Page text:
Venezuelan President Maduro Says Drone Attack ‘Bid to Kill Him’
At least one explosion rocked a military event where Venezuelan President Nicolas Maduro was giving a speech on Saturday, 4 August, and the government said it was a failed assassination attempt involving drones carrying explosives.
Maduro said "everything points" to a right-wing plot that initial investigation suggested was linked to Colombia and the US state of Florida, where many Venezuelan exiles live. Several perpetrators were caught, he said, without elaborating.
Information Minister Jorge Rodriguez said drones loaded with explosives detonated close to the military event in downtown Caracas. A Venezuelan who was visiting family nearby told Reuters she heard two explosions.
Maduro, a leftist who replaced President Hugo Chavez after his death in 2013, was unharmed but Rodriguez said seven National Guard soldiers were injured.
"This was an assassination attempt, they tried to assassinate me," Maduro said in a later televised address.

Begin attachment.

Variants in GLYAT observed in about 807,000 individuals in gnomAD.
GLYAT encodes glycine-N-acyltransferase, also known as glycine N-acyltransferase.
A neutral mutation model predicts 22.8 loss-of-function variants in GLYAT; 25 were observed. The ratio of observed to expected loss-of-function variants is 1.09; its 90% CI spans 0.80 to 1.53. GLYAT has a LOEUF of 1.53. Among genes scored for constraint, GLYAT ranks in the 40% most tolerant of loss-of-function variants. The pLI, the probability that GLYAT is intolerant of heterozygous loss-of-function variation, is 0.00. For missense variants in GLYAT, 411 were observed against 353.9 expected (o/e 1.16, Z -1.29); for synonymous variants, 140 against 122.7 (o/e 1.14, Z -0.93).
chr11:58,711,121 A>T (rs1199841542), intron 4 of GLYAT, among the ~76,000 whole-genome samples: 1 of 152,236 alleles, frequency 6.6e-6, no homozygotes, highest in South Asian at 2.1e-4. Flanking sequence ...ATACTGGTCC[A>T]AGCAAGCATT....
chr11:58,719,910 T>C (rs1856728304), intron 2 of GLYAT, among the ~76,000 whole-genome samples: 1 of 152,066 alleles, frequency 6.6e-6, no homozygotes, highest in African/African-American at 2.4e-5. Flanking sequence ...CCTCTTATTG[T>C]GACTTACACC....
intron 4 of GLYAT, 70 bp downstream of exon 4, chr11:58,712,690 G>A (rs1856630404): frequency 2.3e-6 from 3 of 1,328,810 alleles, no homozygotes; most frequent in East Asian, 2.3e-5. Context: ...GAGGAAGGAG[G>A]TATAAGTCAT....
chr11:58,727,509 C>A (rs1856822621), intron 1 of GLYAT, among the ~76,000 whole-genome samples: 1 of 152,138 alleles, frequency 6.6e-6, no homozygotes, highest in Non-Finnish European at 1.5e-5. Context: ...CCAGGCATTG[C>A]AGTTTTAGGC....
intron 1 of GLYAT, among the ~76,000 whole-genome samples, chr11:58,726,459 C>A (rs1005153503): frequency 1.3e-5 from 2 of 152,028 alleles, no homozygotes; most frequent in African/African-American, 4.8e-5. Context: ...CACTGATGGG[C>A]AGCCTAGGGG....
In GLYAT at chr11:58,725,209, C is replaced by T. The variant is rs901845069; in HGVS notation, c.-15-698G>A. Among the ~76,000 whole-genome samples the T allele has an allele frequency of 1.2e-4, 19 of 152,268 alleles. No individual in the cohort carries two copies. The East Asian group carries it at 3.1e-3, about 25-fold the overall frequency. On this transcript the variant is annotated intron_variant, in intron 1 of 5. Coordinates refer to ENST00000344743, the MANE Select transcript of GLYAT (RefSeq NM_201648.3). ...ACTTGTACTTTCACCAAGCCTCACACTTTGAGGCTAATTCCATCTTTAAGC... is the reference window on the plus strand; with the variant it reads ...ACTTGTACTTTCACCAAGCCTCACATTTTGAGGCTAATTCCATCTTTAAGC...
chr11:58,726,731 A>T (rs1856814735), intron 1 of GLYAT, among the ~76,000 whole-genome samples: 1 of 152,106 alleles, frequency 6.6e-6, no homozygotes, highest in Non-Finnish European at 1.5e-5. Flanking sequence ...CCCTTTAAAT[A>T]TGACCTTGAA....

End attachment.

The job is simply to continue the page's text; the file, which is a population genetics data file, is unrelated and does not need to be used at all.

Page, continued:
A little-known group called the "National Movement of Soldiers in T-shirts" claimed responsibility for the attack. In a series of posts on social media, the group said it had planned to fly two drones but that snipers shot them down.
The group did not respond to several requests for information from Reuters.
Maduro won a new six-year term in May but his main rivals disavowed the election and alleged massive irregularities.
Venezuela is suffering under the fifth year of a severe economic crisis that has sparked malnutrition, hyperinflation and mass emigration.
Maduro named Colombian President Juan Manuel Santos as being behind the attack, but gave no evidence to back that up.
"The name of Juan Manuel Santos is behind this attack ... the initial investigations point to Bogota," Maduro said.
A Colombian government source said Maduro's allegation was "absurd" and that Santos was celebrating his granddaughter's baptism on Saturday. "He is not thinking of anything else, least of all bringing down foreign governments," the source said.
During the incident, Maduro was speaking about Venezuela's economy in an address when audio of the live television coverage was suddenly cut off.
Maduro and others on the podium looked up startled and the cameras panned to soldiers who had been lined up in formation in the street. Scores of them ran in panic away from one area.
Photographs on social media appeared to show bodyguards shielding Maduro with black bulletproof panels. A photograph also showed an injured military official clutching his bloody head and being held up by colleagues.
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